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According to a September profile in the San Diego Union-Tribune, Hasidic rabbi Nachum Shifren, 53--known to his fellow surfers as "Shifty"--can regularly be found on the biggest waves at Malibu, where he's easily identifiable by the long beard hanging over the collar of his wet suit. He's conducted "Passover surfaris" and beach bar mitzvahs, and his writings on the Torah include the observation that the original "surf punks" were those first brave Jews who ventured out into the Red Sea during the exodus from Egypt. "The whole religious experience," he told the reporter, ". . . is encompassed in the act of surfing."

Things People Believe

An August report from the sheriff's department of Pima County, Arizona, described a scam in which a Tucson man answered an ad seeking stars for adult videos. He was asked to wire $1,100 to help finance the shoot, which he did; he was told he'd be reimbursed and paid afterward. Over the next three days, in response to a series of promises, demands, and threats, the man sent the "producers" three more payments totaling $23,000 and got his parents to wire them another $20,000 before concluding he'd been conned. And 23-year-old Lau Yat-fai, a 5-foot-9 deliveryman who aspires to a basketball career, paid two Hong Kong "beauty centers" the equivalent of about $1,400 for electric-current treatments to make him taller. After filing a lawsuit, Lau settled with the centers in October for a partial refund and 20 free treatment sessions.

Well Put

In September a 25-year-old driver was killed in Saint-Joachim, Quebec, when another car veered into his lane and hit him. Authorities speculated that the deceased was too distracted to avoid the crash, as he was apparently engaged in sexual intercourse with a female passenger, who was seriously injured. According to a police spokesperson, having sex while behind the wheel "makes driving that much more dangerous."

Questionable Judgments

Keith Schott filed a lawsuit in September against the promoters and sponsors of a Muscular Dystrophy Association charity golf tournament in Phoenix for failing to pay a widely advertised $1 million prize promised to any player making a hole in one during the round. According to his lawyer, after Schott aced the sixth hole in front of 11 witnesses "the defendants changed the rules on the spot," telling him he'd have to do it again on videotape to collect.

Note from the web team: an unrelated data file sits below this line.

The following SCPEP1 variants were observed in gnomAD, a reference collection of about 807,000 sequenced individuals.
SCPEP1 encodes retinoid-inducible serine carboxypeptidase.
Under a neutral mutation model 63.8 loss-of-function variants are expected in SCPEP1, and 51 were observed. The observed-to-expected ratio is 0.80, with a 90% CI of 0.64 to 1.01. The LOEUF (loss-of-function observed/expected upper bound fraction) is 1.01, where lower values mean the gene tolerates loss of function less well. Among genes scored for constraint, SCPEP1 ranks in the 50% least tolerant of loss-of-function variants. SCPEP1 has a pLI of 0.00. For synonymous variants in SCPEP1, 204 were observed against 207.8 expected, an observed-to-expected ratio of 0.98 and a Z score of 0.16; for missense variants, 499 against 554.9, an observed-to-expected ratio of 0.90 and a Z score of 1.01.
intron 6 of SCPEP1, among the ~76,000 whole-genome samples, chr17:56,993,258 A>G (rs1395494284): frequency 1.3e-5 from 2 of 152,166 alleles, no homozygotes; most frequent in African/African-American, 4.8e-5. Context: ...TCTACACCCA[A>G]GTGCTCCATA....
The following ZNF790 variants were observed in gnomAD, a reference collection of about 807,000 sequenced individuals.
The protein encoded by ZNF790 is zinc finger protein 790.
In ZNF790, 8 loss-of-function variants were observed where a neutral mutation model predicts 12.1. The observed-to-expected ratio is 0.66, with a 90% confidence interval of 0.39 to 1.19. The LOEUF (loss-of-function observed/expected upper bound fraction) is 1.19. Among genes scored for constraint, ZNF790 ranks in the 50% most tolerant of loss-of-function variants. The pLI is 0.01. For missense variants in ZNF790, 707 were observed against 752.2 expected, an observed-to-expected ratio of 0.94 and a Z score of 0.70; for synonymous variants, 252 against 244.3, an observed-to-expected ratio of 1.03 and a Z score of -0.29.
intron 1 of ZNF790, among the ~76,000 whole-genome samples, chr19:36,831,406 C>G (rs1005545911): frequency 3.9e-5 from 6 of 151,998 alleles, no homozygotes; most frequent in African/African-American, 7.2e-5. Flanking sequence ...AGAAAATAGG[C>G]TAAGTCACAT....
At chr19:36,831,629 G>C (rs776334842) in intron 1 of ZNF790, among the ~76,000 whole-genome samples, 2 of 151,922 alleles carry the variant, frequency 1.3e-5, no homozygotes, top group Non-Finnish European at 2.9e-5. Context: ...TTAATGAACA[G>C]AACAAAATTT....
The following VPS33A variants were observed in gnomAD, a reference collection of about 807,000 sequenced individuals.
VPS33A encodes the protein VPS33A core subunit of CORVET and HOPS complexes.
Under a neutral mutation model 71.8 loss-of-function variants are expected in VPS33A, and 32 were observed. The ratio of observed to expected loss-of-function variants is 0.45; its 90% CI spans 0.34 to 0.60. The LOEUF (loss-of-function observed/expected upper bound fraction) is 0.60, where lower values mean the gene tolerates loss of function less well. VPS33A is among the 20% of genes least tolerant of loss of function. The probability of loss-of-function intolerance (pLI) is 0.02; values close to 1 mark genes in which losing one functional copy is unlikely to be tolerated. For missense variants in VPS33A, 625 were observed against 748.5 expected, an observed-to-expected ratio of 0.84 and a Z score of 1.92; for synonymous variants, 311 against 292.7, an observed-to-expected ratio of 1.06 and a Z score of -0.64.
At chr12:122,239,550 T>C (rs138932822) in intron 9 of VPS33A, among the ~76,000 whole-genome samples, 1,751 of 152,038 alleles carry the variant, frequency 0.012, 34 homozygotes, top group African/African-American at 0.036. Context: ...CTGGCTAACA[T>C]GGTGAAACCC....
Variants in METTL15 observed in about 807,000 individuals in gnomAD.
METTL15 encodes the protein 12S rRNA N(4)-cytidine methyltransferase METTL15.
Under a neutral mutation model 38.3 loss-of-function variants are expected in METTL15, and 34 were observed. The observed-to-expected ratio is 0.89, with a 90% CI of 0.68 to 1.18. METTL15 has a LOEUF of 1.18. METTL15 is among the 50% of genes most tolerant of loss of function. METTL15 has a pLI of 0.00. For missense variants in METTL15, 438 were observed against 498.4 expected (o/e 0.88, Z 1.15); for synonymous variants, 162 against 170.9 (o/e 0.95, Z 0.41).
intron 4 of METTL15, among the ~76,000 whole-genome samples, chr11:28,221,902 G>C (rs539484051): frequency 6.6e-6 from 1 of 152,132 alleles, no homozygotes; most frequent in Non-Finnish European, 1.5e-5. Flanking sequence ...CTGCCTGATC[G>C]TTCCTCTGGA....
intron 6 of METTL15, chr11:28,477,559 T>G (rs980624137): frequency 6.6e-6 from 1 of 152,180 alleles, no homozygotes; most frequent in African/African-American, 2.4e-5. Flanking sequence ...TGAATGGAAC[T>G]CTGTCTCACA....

In September the Madrid newspaper El Pais ran an ad for a 90-day subscription that showed two photos of the New York skyline, before 9/11 and after, with a caption that translated as "You can do a lot in one day. Just imagine what can happen in three months."

Unclear on the Concept

Like her counterpart on Curb Your Enthusiasm, Laurie David, wife of Seinfeld creator Larry David, has become a high-profile environmental activist, often speaking on global warming and fuel economy. According to an article in the September Atlantic Monthly, however, David doesn't travel on commercial flights but instead charters a private jet, which a New Republic columnist later calculated uses as much fuel in a single cross-country trip as a Hummer does in a year.

In September the Times of Roanoke, Virginia, ran an article in which city residents complained about traffic snarls and jackhammer noise resulting from a major street construction project. "I'm seven months pregnant," said Mellisa Williamson, 35. "I don't want the noise hurting my baby." The story set off a firestorm of reader mail due to the accompanying photo, which showed the clearly pregnant Williamson surveying the construction mess while smoking a cigarette.

Creme de la Weird

David Roy Truscott, 35, pleaded guilty in September to burglary and three counts of arson, committed over an eight-month period at a farm near Redruth, Cornwall, England. Police testified that in addition to stealing and damaging property, another thing Truscott liked to do at the farm was dress up in shiny red shorts and rubber gloves and masturbate while submerged to his waist in liquid manure.

Least Competent Criminals

Prosecutors in Edwardsville, Illinois, charged David Wroten, 20, with fraud in September after he allegedly paid for membership in an online dating service with a check drawn on the account of the Madison County jail, where he'd been held earlier in the year for theft. Upon his release Wroten, like all inmates, had been issued a check for the cash he had on him when he was booked, and he apparently copied the routing and account numbers. Police were confident Wroten was their man because he'd posted a photograph of himself on the dating service site.

Readers' Choice

In September, according to a report in the Tehran newspaper Mardomsalari, a local court ordered a husband to stop beating his wife altogether, even though the woman, identified only as Maryam J., had sought an order simply limiting the beatings to once a week. "Beating is part of his nature," she said, "and he cannot stop it." The husband explained, "If I do not beat her, she will not be scared enough to obey me."

Art accompanying story in printed newspaper (not available in this archive): illustration/Shawn Belschwender.

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